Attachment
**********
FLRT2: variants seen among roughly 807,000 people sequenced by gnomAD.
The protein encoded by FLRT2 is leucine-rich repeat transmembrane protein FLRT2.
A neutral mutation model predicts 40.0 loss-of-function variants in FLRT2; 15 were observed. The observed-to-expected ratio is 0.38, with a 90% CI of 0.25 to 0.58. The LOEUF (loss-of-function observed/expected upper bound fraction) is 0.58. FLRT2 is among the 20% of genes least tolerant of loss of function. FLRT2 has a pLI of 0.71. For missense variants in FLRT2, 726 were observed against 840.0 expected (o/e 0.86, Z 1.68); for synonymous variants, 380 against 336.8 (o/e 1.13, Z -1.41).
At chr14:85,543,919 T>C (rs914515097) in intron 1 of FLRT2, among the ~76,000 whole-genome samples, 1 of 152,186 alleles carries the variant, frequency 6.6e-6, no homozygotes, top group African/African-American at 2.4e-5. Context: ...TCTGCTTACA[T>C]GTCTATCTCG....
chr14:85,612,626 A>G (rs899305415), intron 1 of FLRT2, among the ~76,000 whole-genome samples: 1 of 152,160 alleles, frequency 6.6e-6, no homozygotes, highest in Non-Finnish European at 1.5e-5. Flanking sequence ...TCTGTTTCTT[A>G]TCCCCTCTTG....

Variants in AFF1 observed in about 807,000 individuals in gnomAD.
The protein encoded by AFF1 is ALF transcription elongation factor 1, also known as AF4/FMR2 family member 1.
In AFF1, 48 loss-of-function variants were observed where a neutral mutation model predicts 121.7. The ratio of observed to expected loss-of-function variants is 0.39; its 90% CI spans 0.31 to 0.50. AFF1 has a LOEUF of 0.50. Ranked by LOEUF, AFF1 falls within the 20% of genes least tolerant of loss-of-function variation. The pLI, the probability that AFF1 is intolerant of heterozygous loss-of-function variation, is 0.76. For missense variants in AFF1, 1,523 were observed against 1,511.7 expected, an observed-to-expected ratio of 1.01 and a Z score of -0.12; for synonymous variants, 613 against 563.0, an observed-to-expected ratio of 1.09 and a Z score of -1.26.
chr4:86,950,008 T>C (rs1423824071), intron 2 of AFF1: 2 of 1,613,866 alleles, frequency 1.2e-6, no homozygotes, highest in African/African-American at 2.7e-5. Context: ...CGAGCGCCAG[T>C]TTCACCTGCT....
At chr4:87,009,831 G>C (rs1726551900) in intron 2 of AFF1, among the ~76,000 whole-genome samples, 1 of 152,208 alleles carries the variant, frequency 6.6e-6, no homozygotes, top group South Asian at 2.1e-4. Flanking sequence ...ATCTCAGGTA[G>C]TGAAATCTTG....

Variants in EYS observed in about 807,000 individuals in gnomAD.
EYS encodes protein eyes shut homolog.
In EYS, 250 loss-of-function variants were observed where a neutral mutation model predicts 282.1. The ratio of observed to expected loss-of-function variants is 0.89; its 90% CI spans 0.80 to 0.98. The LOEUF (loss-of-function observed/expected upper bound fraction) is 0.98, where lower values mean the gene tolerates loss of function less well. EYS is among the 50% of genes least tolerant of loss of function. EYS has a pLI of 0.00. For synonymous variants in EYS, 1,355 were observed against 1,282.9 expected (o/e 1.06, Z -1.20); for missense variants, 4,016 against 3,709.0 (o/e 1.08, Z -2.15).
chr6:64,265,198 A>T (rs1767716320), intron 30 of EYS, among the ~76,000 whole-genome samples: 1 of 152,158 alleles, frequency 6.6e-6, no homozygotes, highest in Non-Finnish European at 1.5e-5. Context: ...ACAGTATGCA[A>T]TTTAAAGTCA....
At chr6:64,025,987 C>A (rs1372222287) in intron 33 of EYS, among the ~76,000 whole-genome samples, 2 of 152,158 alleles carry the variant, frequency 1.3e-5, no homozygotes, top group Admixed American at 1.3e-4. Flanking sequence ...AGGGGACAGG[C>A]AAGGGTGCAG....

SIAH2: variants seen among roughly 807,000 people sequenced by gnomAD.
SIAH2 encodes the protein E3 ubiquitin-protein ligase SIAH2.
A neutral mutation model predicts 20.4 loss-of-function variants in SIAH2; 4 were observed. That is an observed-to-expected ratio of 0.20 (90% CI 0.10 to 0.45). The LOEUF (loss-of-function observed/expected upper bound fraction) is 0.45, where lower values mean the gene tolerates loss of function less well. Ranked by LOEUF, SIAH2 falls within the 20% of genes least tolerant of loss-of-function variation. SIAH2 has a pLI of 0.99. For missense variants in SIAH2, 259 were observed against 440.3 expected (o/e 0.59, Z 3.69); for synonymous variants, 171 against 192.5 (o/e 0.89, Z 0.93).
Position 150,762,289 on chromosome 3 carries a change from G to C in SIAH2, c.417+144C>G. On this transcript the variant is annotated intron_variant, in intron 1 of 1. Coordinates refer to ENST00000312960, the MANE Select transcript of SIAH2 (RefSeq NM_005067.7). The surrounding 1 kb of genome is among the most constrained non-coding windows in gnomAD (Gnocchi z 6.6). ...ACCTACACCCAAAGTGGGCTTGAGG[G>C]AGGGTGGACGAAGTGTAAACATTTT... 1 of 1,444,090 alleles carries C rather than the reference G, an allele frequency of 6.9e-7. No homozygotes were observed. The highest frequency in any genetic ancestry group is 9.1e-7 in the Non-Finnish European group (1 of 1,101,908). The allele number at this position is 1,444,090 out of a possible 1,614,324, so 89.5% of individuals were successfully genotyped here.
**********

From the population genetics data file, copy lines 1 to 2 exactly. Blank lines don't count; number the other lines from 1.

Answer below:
FLRT2: variants seen among roughly 807,000 people sequenced by gnomAD.
The protein encoded by FLRT2 is leucine-rich repeat transmembrane protein FLRT2.